• I have to echo several of the posts here: I live in the mountains, have for nearly a decade, very little here is flat and in winter snow and ice are common. My wife and I love our 06 Prius (so far); but we were coming home last winter on clear road when it began to flake a mile from our house. It may have been that I was in a hurry to get home, but I expected the same kind of traction from the Prius I'd get in any 2WD. Not so. We lost all power going up a short hill just around the corner from our street. The road is paved, but with just, maybe, a 1/4 inch on the ground, just enough that most of the road was white, but we lost all juice, got stuck not moving, and somehow managed to get off to the side of the road and under a pine tree by going backwards. It was dark, and we hoofed it home. Luckily, it was just a dusting, and with dry roads we drove home fine the next afternoon (it's something lying awake at night, waiting to hear the plow hammer by and wonder if your car was towed or hit).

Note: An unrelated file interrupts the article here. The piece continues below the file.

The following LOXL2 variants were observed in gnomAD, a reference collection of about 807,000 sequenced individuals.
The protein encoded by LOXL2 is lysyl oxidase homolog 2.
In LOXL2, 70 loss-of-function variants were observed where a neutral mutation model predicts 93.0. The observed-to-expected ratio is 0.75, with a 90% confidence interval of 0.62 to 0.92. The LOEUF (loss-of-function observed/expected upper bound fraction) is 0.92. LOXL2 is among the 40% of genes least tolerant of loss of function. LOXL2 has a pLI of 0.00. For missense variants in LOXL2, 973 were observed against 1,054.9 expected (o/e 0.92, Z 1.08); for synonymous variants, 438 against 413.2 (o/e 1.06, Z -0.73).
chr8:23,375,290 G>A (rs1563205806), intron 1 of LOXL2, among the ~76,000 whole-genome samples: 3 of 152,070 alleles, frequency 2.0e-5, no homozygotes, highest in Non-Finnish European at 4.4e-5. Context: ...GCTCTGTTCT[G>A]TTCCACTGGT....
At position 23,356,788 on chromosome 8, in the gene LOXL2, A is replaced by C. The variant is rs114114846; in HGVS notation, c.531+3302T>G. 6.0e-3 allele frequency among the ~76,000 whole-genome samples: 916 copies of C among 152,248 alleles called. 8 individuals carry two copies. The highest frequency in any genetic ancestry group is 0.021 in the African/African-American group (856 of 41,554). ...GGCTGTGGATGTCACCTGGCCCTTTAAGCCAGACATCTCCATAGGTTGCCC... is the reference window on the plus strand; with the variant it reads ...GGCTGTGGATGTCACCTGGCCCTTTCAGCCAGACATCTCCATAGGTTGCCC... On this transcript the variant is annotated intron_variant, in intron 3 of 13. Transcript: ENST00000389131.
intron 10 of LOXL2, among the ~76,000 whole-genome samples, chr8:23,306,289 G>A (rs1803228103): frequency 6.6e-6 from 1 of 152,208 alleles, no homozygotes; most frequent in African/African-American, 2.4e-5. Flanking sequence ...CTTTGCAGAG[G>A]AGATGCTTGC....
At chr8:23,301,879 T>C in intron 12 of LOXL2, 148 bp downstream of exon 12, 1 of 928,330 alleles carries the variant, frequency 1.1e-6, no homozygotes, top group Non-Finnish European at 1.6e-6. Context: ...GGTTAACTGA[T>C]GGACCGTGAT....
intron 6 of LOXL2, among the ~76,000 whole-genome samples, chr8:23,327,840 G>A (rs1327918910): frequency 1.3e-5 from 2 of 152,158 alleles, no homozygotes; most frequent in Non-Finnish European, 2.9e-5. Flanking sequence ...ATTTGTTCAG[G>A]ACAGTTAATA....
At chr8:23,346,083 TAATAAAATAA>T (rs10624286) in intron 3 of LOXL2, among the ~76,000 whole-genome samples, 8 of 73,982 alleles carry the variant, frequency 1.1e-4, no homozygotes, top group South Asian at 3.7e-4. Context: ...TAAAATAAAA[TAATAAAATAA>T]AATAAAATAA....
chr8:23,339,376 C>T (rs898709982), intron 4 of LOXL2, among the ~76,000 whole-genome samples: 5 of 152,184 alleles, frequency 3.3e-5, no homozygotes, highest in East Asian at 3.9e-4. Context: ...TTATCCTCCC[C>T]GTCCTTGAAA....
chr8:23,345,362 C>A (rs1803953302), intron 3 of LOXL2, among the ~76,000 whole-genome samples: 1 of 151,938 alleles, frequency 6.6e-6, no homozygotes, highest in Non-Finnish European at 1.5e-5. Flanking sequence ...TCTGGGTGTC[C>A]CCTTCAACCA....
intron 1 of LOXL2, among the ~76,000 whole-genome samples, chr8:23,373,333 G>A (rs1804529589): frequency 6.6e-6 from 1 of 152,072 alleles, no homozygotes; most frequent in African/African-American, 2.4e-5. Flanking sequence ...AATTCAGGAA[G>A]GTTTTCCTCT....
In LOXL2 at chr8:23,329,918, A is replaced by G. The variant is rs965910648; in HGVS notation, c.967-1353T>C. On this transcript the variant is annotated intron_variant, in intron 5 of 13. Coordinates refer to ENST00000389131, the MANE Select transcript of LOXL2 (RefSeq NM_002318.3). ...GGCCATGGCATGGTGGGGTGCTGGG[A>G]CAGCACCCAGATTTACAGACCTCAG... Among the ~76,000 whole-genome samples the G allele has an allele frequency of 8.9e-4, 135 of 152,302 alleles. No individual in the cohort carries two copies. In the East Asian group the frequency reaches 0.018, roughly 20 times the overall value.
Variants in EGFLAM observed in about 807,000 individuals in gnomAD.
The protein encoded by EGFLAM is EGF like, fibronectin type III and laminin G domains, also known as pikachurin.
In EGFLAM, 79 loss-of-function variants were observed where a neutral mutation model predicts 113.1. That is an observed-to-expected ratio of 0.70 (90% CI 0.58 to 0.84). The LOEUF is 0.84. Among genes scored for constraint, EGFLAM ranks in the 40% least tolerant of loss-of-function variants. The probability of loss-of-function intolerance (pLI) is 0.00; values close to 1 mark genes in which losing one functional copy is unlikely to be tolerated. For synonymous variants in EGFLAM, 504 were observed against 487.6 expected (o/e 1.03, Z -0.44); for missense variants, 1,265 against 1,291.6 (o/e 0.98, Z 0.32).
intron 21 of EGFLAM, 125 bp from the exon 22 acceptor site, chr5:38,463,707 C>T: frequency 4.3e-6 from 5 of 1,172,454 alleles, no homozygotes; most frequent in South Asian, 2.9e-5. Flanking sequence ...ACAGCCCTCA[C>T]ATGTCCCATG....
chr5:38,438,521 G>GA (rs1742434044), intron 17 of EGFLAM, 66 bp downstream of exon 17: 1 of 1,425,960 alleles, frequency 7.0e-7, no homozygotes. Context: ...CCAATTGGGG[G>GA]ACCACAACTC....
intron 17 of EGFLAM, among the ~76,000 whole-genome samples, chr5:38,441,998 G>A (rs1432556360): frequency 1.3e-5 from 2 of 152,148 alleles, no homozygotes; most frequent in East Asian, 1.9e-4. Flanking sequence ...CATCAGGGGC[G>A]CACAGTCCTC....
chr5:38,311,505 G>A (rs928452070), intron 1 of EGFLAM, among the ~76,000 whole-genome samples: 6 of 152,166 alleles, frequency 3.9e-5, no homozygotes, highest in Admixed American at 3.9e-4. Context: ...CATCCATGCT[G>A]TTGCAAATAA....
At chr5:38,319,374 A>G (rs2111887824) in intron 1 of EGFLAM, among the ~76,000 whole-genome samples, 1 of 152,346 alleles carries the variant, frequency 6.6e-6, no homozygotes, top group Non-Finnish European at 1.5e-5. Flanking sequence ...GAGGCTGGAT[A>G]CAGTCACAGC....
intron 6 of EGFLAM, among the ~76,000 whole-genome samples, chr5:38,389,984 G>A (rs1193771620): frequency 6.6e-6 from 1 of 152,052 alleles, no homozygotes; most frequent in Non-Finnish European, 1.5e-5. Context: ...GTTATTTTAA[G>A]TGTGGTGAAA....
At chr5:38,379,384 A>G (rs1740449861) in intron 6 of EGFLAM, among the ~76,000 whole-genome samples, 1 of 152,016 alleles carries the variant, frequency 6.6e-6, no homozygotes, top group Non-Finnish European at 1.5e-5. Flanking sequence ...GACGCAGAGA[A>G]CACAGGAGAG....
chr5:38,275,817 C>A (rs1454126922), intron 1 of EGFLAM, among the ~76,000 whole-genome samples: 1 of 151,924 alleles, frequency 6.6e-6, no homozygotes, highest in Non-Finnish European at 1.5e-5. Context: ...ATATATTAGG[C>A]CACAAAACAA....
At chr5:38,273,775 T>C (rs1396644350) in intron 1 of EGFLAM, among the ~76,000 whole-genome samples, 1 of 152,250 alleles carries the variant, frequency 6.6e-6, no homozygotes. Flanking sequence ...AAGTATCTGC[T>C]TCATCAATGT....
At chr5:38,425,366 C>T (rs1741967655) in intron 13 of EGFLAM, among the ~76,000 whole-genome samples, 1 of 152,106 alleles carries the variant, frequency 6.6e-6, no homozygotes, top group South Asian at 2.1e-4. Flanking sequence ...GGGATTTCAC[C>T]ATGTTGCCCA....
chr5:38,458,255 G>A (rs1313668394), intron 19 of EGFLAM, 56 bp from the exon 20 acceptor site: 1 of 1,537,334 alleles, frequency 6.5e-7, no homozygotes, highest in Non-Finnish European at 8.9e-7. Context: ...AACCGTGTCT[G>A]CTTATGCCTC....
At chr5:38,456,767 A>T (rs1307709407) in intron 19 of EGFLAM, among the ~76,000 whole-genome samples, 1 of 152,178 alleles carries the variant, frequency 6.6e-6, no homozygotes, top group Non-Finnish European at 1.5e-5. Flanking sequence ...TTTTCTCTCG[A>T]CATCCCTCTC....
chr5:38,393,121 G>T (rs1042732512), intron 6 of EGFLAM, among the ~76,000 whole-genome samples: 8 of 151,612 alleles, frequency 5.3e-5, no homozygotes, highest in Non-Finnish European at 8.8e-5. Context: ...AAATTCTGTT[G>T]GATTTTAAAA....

So, I agree, Prius is awful in even light snow in my experience. Now, did I play and practice with it? Not much. And those were probably the stock tires (though I can't recall). We have good Michelyn all seasons on there now just to help with rain, etc. We both work below snowline, so full snow tires on the Prius are not an option (our other cars are a Subaru Outback with triple treds and my Tacoma with 31 BFG's...both work great in the snow, though the Goodyears begin to lose their snow mojo a bit around 40K...with two bags of solid concrete in the pickup bed I am fine).

    Up here, as those of you in snow country know, trying to get to work in the pre dawn dark, or get home, good tires in good condition and all the right AWD or FWD are not a luxury of living, they're part of staying alive. Would we have bought the Prius knowing this? Probably. (The salesguy swore the traction control would make our Prius as good in the snow as an AWD).